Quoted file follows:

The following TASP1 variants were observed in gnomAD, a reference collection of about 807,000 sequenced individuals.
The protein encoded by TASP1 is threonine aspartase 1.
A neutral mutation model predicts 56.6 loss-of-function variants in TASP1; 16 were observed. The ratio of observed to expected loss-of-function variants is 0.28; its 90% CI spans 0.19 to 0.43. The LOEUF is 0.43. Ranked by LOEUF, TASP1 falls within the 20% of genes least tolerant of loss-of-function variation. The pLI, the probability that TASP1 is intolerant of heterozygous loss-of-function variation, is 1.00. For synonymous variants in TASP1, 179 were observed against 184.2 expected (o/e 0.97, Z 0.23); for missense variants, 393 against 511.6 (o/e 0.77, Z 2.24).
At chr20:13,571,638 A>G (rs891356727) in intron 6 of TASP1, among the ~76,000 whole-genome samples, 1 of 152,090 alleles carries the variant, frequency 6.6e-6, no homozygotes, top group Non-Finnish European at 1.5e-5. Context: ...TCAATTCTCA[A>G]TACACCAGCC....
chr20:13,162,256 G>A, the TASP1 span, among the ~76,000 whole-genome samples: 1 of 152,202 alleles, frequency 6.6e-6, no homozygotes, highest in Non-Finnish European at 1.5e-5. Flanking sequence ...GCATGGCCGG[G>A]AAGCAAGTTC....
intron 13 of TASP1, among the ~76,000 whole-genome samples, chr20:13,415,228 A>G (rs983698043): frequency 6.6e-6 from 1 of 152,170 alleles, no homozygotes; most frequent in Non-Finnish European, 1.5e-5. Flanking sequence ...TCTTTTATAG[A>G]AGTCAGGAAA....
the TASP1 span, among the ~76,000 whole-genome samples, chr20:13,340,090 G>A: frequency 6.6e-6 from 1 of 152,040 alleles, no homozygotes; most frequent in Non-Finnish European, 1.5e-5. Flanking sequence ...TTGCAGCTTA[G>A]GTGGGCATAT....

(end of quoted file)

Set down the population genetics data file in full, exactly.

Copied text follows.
The following TASP1 variants were observed in gnomAD, a reference collection of about 807,000 sequenced individuals.
The protein encoded by TASP1 is threonine aspartase 1.
A neutral mutation model predicts 56.6 loss-of-function variants in TASP1; 16 were observed. The ratio of observed to expected loss-of-function variants is 0.28; its 90% CI spans 0.19 to 0.43. The LOEUF is 0.43. Ranked by LOEUF, TASP1 falls within the 20% of genes least tolerant of loss-of-function variation. The pLI, the probability that TASP1 is intolerant of heterozygous loss-of-function variation, is 1.00. For synonymous variants in TASP1, 179 were observed against 184.2 expected (o/e 0.97, Z 0.23); for missense variants, 393 against 511.6 (o/e 0.77, Z 2.24).
At chr20:13,571,638 A>G (rs891356727) in intron 6 of TASP1, among the ~76,000 whole-genome samples, 1 of 152,090 alleles carries the variant, frequency 6.6e-6, no homozygotes, top group Non-Finnish European at 1.5e-5. Context: ...TCAATTCTCA[A>G]TACACCAGCC....
chr20:13,162,256 G>A, the TASP1 span, among the ~76,000 whole-genome samples: 1 of 152,202 alleles, frequency 6.6e-6, no homozygotes, highest in Non-Finnish European at 1.5e-5. Flanking sequence ...GCATGGCCGG[G>A]AAGCAAGTTC....
intron 13 of TASP1, among the ~76,000 whole-genome samples, chr20:13,415,228 A>G (rs983698043): frequency 6.6e-6 from 1 of 152,170 alleles, no homozygotes; most frequent in Non-Finnish European, 1.5e-5. Flanking sequence ...TCTTTTATAG[A>G]AGTCAGGAAA....
the TASP1 span, among the ~76,000 whole-genome samples, chr20:13,340,090 G>A: frequency 6.6e-6 from 1 of 152,040 alleles, no homozygotes; most frequent in Non-Finnish European, 1.5e-5. Flanking sequence ...TTGCAGCTTA[G>A]GTGGGCATAT....